If you're looking to purchase a property in a neighborhood, community or building with shared common areas (like a pool, clubhouse, parking garage, etc.) or even a security gate, it's likely the community or neighborhood is maintained by a homeowners association, also known as a HOA. When you move into a community maintained by a HOA, you are obligated to join the association and are responsible for any monthly, annual, or special HOA fees that come along with the association. But what is a homeowners association, and what can a HOA do for your community?
The primary purpose of a homeowners association is to manage a neighborhood's common areas such as roads, parks and pools. The HOA ensures the community looks its best and functions smoothly. Management isn't normally free, so owners are expected and obligated to pay monthly or yearly dues to the association that go toward the maintenance and upkeep of the community. Homeowners are also obligated to live by the association's rule book, also known as covenants, conditions and restrictions (CC&Rs).
If you purchase a property in a community with a HOA, you are locked into abiding by the rules and regulations of the HOA. Depending upon how detailed the CC&Rs are for the community, everything from the size of a dog to the type of mailbox you have to whether or not vehicles are allowed to park on streets can be dictated by the HOA's CC&Rs.
While many of the rules within a HOA may seem tedious and unneeded, the goal of the HOA is to maintain a specific aesthetic throughout the community. For some, this brings value in that yards are maintained, house colors remain true to the originals of the neighborhood as a whole, trash is not on display for others to see, and overall the community is kept up and thrives. For others, especially those that don't like having to adhere to a list of rules, the HOA can be limiting and its rules bothersome.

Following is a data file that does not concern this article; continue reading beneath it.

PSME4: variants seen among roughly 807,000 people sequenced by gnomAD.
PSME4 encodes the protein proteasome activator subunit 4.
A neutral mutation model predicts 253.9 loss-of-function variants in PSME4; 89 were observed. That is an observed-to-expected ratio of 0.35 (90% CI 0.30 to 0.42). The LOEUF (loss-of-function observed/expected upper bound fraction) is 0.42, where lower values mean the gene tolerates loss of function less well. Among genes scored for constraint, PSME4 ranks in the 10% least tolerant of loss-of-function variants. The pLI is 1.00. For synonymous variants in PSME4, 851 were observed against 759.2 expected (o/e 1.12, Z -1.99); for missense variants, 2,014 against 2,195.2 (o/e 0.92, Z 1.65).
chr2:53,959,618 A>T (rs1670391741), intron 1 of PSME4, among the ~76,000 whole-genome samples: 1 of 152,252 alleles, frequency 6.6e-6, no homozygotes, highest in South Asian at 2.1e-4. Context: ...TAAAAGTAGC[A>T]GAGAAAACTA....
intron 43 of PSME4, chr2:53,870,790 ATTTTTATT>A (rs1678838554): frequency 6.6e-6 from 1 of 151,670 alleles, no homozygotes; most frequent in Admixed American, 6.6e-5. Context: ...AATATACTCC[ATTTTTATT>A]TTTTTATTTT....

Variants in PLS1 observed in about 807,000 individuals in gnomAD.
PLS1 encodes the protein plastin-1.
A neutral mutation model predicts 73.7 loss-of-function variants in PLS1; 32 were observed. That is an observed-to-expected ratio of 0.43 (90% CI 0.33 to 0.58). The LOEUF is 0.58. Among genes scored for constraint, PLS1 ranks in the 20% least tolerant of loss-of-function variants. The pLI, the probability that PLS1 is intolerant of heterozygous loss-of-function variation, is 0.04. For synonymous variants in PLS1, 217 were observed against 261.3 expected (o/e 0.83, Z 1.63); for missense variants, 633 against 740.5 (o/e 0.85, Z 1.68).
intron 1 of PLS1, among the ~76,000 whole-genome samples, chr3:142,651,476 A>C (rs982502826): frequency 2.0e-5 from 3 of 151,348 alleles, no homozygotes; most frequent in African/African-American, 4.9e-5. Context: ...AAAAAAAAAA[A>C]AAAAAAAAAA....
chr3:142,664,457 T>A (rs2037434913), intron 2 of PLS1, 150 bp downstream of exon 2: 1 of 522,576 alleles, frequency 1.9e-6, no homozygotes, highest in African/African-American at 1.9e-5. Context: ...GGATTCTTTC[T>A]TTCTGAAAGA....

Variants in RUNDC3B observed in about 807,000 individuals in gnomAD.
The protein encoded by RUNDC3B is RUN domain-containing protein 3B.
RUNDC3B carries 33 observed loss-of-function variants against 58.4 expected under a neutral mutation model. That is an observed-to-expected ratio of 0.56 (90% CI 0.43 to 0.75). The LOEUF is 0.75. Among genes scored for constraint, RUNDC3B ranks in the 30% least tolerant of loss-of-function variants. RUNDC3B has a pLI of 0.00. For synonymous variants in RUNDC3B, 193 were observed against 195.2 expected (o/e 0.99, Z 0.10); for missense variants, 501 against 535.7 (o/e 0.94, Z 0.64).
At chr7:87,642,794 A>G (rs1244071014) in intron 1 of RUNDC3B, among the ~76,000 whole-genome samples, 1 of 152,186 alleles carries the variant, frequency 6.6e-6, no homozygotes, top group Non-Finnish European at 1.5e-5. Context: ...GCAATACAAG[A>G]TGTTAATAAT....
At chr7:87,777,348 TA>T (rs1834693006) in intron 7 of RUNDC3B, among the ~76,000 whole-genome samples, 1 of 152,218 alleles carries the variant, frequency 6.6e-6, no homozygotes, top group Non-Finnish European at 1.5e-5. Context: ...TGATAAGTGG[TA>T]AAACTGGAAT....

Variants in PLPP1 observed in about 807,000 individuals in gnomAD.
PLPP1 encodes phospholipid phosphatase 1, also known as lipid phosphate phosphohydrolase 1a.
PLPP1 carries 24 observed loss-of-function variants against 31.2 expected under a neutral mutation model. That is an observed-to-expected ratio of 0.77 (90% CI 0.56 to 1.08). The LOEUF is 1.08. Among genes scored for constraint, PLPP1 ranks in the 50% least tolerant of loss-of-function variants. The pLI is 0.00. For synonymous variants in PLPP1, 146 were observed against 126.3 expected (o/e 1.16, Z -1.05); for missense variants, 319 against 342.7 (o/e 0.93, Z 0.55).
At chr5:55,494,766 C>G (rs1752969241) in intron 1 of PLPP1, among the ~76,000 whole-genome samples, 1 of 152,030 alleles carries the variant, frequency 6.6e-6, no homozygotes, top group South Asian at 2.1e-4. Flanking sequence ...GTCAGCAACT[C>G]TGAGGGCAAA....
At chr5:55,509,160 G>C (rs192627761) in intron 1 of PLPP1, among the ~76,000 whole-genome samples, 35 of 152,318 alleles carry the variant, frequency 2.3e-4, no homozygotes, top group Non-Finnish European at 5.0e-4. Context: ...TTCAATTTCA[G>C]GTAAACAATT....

While it may seem like the CC&Rs of a HOA can be easily ignored, it's best to stick with what's safe when it comes to your home and the community's guidelines. In many areas, violation of the rules or not paying monthly/yearly/special fees can lead to notices and fines. In some communities, owners can even be evicted or their properties foreclosed on if violations become egregious. Depending on where you choose to live, knowing the rules set forth by the HOA before you lock yourself into a property is a must, especially if you're the type of person that likes to the toe the line when it comes to sticking to a rule book.
A positive part of a homeowners association is that it provides a way for the homeowners to actively participate in what's going on in their community. The association generally has a board, made up of members of the actual community who are voted into their positions. If you like being active in your neighborhood or building, joining the HOA or attending the monthly meetings is a great way to stay up-to-date on the regular goings on of the area.